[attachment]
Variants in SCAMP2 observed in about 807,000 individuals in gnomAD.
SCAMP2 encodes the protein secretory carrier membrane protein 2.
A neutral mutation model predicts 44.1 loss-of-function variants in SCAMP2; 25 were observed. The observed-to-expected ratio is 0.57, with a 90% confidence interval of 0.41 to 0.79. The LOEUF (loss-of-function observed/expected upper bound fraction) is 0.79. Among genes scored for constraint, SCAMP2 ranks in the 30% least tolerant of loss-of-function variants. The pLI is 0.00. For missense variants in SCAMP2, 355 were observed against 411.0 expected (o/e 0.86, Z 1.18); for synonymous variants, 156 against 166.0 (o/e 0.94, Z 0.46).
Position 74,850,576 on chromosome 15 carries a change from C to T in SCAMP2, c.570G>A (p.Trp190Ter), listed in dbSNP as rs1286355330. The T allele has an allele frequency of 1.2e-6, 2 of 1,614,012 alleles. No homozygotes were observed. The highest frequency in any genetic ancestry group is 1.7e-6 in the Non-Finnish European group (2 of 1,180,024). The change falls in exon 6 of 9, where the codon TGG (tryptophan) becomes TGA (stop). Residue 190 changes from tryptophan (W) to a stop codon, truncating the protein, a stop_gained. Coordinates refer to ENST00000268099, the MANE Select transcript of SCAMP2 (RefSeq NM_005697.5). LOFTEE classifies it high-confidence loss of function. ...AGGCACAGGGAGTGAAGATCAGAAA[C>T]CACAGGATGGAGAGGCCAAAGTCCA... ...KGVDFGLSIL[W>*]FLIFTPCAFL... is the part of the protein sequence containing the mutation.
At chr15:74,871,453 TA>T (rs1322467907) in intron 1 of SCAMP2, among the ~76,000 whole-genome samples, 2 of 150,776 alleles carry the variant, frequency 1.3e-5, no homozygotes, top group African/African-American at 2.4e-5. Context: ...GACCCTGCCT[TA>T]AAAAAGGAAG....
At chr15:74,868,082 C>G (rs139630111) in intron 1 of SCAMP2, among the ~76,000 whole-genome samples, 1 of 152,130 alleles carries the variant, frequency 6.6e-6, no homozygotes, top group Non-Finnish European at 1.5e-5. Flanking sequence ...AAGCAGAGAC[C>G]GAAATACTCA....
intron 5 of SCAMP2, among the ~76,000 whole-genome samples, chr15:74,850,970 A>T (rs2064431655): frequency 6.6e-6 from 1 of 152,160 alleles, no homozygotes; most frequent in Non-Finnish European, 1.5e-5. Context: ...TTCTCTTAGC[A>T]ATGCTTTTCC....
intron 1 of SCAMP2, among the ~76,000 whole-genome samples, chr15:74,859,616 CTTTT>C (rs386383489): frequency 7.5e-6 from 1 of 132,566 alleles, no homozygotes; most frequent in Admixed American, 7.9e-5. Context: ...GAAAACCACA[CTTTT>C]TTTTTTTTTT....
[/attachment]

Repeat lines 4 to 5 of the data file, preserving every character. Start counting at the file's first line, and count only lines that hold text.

Position 74,850,576 on chromosome 15 carries a change from C to T in SCAMP2, c.570G>A (p.Trp190Ter), listed in dbSNP as rs1286355330. The T allele has an allele frequency of 1.2e-6, 2 of 1,614,012 alleles. No homozygotes were observed. The highest frequency in any genetic ancestry group is 1.7e-6 in the Non-Finnish European group (2 of 1,180,024). The change falls in exon 6 of 9, where the codon TGG (tryptophan) becomes TGA (stop). Residue 190 changes from tryptophan (W) to a stop codon, truncating the protein, a stop_gained. Coordinates refer to ENST00000268099, the MANE Select transcript of SCAMP2 (RefSeq NM_005697.5). LOFTEE classifies it high-confidence loss of function. ...AGGCACAGGGAGTGAAGATCAGAAA[C>T]CACAGGATGGAGAGGCCAAAGTCCA... ...KGVDFGLSIL[W>*]FLIFTPCAFL... is the part of the protein sequence containing the mutation.
At chr15:74,871,453 TA>T (rs1322467907) in intron 1 of SCAMP2, among the ~76,000 whole-genome samples, 2 of 150,776 alleles carry the variant, frequency 1.3e-5, no homozygotes, top group African/African-American at 2.4e-5. Context: ...GACCCTGCCT[TA>T]AAAAAGGAAG....